Scotland’s Ballechin House was a haunted building with a difference, the difference being that its haunters were primarily of the hairy, four-legged variety. That’s right, small, hairy Scotsmen running around on all fours…
In 1876 the house’s owner Major Robert Steuart died, but not before making it clear to all that he had no intention of staying dead. Having picked up a fondness for the idea of re-incarnation during his army days in India, the major was convinced that he would return as a spirit inhabiting one of his 14 dogs. Good news for the major, but not so good news for his canine menagerie as upon his death John Skinner, the major’s nephew and heir, promptly shot all the dogs dead! What a bastard!
Shortly after the killing of the dogs mysterious events started to take place, for either the major had achieved his goal shortly before the heinous deed was done or the slain dogs had decided to take their revenge. Both the inhabitants and visitors to the house would often pick up a smell not to be expected in such a house, the smell of dogs. No dogs were visible, yet there it was, the characteristic and unmistakable scent of man’s best friend. And it didn’t stop there, as the invisible creatures would go as far as to nudge and paw the bewildered humans. More prosaic signs of haunting were also in evidence, such as loud noises and angry but incomprehensible voices, which suggests that perhaps it was not only the dogs but also the major who had returned from the Great Beyond. After the nephew’s death, apparently in a car accident, the house was rented out to various people including hunters, priests and nuns. All these people fled the house in terror within a week of arriving, complaining that the place was haunted by invisible animal presences. In early 1897 paranormal investigators from the Society for Psychical Research moved into the house in order to study its phenomena. Suddenly the house was inundated with a multitude of unexplained phenomena. Not only did the smell of dogs become more prevalent, not only were people feeling something large and furry brushing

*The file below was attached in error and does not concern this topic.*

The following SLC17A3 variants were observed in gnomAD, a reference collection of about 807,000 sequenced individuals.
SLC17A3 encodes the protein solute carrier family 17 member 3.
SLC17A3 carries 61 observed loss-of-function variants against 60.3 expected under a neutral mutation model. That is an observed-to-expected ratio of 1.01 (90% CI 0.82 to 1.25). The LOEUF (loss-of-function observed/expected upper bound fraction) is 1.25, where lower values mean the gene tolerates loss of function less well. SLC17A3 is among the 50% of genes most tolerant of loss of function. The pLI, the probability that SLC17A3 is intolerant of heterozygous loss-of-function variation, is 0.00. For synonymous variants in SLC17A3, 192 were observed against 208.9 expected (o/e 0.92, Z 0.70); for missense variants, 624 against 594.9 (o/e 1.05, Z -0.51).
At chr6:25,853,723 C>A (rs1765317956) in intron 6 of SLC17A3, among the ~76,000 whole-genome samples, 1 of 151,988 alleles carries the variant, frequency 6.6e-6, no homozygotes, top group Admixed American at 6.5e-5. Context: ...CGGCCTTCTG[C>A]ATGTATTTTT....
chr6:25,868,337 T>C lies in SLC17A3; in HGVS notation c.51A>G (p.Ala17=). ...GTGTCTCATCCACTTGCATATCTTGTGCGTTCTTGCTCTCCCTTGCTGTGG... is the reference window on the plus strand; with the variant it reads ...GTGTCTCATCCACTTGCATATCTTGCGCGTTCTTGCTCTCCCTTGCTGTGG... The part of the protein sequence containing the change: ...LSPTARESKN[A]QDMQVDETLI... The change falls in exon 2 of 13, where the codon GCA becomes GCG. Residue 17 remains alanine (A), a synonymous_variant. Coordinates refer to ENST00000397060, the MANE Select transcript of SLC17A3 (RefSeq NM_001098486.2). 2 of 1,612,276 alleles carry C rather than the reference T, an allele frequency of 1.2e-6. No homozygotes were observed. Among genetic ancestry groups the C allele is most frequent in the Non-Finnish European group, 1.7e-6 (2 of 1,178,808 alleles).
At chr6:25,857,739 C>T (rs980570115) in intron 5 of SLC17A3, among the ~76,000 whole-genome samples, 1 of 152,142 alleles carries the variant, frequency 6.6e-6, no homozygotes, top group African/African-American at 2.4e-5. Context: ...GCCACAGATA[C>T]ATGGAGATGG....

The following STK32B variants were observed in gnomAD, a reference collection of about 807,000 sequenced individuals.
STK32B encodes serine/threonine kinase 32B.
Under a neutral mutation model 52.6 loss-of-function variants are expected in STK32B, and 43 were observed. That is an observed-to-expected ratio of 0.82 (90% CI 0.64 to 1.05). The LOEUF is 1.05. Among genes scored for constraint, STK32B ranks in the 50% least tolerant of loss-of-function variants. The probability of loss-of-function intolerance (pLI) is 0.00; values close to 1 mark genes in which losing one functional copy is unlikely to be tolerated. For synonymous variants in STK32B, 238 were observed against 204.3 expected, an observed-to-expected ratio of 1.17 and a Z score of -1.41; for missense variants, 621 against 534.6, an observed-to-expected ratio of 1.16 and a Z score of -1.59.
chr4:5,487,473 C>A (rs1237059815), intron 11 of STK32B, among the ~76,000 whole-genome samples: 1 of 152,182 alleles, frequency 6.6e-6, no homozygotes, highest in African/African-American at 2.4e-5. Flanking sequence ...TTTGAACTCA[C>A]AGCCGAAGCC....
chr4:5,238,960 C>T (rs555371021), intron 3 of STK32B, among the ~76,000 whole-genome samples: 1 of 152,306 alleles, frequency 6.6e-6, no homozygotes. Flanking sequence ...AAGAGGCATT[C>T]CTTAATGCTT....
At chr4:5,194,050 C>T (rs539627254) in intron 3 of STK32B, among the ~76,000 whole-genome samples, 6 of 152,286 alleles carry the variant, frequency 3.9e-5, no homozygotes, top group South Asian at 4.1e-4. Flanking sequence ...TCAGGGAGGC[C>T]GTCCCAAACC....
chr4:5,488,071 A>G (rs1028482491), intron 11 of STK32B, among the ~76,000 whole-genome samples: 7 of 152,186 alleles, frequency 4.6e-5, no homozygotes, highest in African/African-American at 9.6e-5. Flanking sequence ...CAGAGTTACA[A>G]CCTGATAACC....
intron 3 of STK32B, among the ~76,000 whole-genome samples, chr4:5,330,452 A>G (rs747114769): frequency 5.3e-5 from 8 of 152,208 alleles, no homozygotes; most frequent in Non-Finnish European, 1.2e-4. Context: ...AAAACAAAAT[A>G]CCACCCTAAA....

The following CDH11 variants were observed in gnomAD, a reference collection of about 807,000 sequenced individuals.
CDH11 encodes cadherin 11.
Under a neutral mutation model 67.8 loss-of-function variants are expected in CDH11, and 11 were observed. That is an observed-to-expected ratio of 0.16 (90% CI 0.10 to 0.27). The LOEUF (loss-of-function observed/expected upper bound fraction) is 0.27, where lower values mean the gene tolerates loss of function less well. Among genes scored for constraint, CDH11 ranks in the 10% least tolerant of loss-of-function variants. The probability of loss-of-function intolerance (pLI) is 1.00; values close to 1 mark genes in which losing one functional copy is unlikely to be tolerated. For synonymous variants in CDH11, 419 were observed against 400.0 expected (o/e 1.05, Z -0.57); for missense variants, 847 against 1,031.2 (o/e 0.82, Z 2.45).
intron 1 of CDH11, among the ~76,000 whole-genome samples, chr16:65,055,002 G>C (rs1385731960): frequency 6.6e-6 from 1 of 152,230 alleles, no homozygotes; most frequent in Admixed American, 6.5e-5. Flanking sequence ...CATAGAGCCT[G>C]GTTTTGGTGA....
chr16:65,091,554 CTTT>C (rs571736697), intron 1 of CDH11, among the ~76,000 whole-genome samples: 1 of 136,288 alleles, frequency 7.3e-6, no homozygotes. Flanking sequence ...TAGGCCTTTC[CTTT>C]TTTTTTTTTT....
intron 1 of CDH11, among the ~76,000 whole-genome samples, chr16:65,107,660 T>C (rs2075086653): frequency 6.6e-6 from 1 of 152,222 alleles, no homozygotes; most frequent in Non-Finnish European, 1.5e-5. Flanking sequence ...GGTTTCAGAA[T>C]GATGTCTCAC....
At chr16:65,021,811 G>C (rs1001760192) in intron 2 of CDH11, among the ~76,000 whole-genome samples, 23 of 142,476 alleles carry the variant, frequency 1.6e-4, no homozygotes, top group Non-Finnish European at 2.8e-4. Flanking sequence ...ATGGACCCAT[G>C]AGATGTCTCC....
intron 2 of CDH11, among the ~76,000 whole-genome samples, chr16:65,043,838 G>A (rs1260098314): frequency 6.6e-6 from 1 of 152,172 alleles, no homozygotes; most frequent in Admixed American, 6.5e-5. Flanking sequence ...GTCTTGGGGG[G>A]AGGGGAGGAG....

against their legs, but now the spectral hounds could also be heard! The pattering of doggie feet, the sound of dogs bounding around the room and sounds of dog sized animals throwing themselves against the lower parts of doors were everywhere. Strangely, there seem to be no reports of ghostly barking or howling, something which makes the tale all the more eerie, all the more unnatural. Even more uncanny is the apparition of a black spaniel spotted several times and seen to disappear into thin air. What makes this aspect of the haunting especially chilling is that the major had often mentioned that of all his dogs there was one in particular that he would like to come back as – that dog was a black spaniel. Like the house’s previous tenants, the paranormal researchers came to the
conclusion that the place was haunted by unseen canine presences and quickly vacated the premises.
The house’s bad reputation eventually led to it being vacant from 1932 till 1963 when most of it was destroyed in a mysterious fire set by a small black spaniel. After the ruins were knocked down most of the phenomena seems to have followed it into oblivion, the one exception being a spectral black dog that is still occasionally seen roaming the area where Ballechin House had once stood.